To some, it can seem obvious; to others, it can seem unfair. But if the payor of child support doesn’t file a motion with the court to modify child support when the older of two (or several) children graduates high school and reaches the age of majority, the child support does not automatically change — and it can’t be changed to an earlier date later. The total child support amount continues to be owed and paid until a motion is filed (or a stipulation filed) to change the amount to show that one child is out of high school.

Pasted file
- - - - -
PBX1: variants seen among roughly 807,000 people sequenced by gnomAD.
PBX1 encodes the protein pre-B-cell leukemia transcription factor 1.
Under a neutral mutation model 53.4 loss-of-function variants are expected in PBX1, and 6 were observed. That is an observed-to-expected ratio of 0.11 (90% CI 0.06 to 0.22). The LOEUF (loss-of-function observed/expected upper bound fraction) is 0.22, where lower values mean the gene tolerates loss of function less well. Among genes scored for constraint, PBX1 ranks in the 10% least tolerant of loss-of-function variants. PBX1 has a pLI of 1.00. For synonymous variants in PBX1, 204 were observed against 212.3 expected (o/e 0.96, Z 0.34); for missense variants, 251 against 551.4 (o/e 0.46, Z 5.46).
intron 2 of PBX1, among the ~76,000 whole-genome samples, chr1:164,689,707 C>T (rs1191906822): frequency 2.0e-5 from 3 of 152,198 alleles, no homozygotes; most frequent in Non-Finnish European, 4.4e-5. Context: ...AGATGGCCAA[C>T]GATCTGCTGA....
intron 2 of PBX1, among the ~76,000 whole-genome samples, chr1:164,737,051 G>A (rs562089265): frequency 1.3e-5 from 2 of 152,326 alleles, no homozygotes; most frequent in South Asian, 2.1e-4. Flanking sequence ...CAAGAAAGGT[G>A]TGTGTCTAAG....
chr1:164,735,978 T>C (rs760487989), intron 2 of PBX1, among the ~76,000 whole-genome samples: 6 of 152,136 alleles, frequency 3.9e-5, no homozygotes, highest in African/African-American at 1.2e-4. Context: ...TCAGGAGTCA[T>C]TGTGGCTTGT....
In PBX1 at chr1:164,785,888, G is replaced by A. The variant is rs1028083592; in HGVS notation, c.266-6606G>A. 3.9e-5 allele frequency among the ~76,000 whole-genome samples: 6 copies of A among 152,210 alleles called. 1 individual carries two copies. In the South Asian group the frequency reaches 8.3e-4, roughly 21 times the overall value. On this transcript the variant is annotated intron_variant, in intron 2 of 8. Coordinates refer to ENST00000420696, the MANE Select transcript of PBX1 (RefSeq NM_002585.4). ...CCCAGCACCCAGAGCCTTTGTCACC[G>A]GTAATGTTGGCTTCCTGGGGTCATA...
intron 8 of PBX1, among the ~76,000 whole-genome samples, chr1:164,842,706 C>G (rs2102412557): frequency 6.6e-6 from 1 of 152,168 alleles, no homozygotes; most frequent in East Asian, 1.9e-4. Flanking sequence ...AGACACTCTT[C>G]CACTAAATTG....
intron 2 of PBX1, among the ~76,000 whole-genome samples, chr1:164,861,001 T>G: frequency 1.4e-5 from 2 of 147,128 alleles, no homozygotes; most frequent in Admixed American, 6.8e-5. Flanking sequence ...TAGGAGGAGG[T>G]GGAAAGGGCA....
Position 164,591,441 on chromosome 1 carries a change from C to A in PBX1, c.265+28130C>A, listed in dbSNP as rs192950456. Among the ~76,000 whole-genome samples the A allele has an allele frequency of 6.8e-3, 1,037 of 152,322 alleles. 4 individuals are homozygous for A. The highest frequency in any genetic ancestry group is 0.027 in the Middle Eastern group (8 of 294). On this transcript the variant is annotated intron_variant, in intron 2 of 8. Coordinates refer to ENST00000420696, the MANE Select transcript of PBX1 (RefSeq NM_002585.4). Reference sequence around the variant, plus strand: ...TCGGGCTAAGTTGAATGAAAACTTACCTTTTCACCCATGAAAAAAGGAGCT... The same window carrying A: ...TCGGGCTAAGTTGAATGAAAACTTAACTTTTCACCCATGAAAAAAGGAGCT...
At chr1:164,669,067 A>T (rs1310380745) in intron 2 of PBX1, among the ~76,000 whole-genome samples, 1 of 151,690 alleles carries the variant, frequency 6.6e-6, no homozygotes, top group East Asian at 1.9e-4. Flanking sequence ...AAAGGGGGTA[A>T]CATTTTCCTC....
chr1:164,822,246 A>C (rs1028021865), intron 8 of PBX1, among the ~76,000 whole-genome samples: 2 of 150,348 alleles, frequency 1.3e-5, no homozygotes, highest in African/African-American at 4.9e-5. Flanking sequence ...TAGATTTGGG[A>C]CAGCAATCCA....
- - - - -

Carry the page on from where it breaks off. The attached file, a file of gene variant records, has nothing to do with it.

Arizona case law tells us that the Court cannot retroactively modify a child support amount to a date prior to notice of the petition to modify, even where one child to the child support order has emancipated. The fact that a child emancipated (turned 18 and graduated from high school) does not automatically terminate child support for that child where there is another child covered by the child support order. Guerra v. Bejarano, 133 P. 3d 752, 212 Ariz. 442 (2006).
In Guzman v. Guzman, 175 Ariz. 183, 854 P.2d 1169 (1993), the Court recognized that where there is only one child covered by a child support order, that child’s emancipation (in that case, by marriage) would terminate the child support obligation. Guzman is distinguishable from the Guerra case because the Guerra child support order covered more than one child.